Philo Farnsworth Inventions and Accomplishments


Born in 1906, Philo Farnsworth was the eldest of five children and he grew up in a Mormon household. They initially lived in a log cabin, but they moved to a farm in Idaho was Farnsworth was 12 and it was wired for electricity. He started studying electrical and mechanical technology, at one point wiring his mother’s hand-powered washing machine so that it was an automatic one. He initially joined the Navy, but wanted to pursue television projects, and so he sought an honorable discharge so the military wouldn’t own his patents. He would eventually own over 300 total patents.

Here’s a look at his inventions:

The All-Electronic Television

Many of the television systems of Farnsworth’s time employed a system of scanning devices that used disks to sweep in short arcs while capturing small areas of photosenstive elements. Farnsworth followed in the path of many other inventors who came up with electromechanical television systems and built the first television that was all electronic. Using an image dissector idea that he worked out at the age of 15, his continued developing this process as a method of transferring images and the video tubes that he contributed were used for decades.

Farnsworth never really took a lot of glory for his invention. He had a long running dispute with RCA over the invention that the company eventually lost and agreed to pay him royalties on the televisions being sold. He once appeared on the television program I’ve Got a Secret and no one could guess that he invented electronic television. That got him $80 and a carton of cigarettes as a prize.

The Baby Incubator

Although Farnsworth isn’t given credit as being the father of the baby incubator, his contributions to the technology of the device helped to improve neonatal care by improving the overall methods of care. From oxygen supplementation to protection from cold temperatures and other bothersome distractions that could lead to a deterioration of health, Farnsworth helped to give babies that are born prematurely a fighting chance at life.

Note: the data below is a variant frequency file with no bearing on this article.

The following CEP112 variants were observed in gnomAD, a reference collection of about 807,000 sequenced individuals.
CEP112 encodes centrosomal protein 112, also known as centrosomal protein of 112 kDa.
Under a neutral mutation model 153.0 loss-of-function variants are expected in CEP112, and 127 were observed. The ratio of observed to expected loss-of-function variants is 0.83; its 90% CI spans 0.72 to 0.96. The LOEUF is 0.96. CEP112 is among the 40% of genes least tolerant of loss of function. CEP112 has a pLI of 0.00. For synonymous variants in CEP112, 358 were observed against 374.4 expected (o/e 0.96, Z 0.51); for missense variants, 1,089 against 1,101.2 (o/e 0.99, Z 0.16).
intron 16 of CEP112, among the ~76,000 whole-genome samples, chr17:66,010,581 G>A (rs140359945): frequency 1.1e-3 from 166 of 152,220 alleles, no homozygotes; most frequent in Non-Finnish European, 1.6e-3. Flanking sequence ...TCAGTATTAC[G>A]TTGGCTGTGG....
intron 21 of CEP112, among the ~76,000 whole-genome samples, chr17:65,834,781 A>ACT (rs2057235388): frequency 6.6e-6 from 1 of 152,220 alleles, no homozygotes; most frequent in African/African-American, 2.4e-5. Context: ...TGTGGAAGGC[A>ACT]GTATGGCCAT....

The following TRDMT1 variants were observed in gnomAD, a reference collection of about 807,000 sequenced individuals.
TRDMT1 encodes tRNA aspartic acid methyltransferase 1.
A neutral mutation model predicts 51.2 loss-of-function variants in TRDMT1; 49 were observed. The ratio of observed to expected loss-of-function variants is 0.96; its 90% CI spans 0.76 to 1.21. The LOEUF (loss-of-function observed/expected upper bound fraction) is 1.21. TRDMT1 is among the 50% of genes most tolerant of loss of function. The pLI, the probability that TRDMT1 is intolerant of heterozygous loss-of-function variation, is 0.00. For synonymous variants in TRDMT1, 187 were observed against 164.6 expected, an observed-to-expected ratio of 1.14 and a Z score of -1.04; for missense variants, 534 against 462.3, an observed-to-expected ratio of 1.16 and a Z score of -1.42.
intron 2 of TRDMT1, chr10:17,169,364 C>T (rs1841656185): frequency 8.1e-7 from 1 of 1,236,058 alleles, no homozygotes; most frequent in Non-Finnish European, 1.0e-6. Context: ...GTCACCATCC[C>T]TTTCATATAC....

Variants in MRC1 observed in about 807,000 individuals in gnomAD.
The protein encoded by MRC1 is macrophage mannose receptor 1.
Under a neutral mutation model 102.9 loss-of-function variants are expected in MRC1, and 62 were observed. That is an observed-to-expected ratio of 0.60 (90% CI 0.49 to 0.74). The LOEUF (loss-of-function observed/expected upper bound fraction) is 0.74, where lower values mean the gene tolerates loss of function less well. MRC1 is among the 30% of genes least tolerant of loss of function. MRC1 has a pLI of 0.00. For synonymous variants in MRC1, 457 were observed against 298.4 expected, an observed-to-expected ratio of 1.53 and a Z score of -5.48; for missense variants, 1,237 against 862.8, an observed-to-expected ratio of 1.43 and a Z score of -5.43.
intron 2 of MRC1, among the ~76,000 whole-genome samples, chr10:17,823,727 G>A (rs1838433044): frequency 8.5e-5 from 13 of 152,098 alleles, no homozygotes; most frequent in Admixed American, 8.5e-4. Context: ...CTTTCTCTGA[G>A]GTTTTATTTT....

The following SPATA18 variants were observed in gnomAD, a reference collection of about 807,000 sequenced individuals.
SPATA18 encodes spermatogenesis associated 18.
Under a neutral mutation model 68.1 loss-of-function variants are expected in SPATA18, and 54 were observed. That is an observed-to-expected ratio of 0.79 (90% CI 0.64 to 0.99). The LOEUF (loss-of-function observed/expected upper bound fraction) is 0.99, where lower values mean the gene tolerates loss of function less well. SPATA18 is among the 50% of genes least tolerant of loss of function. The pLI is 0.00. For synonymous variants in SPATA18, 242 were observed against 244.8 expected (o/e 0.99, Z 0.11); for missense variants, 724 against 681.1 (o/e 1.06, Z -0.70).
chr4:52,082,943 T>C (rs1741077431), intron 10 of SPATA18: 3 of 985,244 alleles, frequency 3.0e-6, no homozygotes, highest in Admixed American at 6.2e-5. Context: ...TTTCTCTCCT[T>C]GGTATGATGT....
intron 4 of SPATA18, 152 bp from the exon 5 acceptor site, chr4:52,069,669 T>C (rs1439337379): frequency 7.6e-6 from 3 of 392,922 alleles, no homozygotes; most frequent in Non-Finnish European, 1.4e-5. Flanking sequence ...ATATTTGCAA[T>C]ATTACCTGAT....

The Fusor

The most common type of fusor is a Farnsworth-Hirsch fusor and it uses an electric field to heat ions in such a way that it creates nuclear fusion. The device is a viable source of creating neutrons, but won’t reach the fluxes that you would find in a particle accelerator or a nuclear reactor. It’s used for medical isotopes today that can help doctors diagnose specific health issues.

The Gastroscope

One of the most effective methods of diagnosis digestive tract disorders is through direct observation. The procedure, which is called an endoscopy, puts a scope on a lighted device so that a doctor can see irritation, ulcers, and other forms of intestinal distress. It can also be used in a colonoscopy as well. The modern systems use fiber optics and still photographs can be taken. The modern scope can also take tissue biopsies if problems are located during the procedure.

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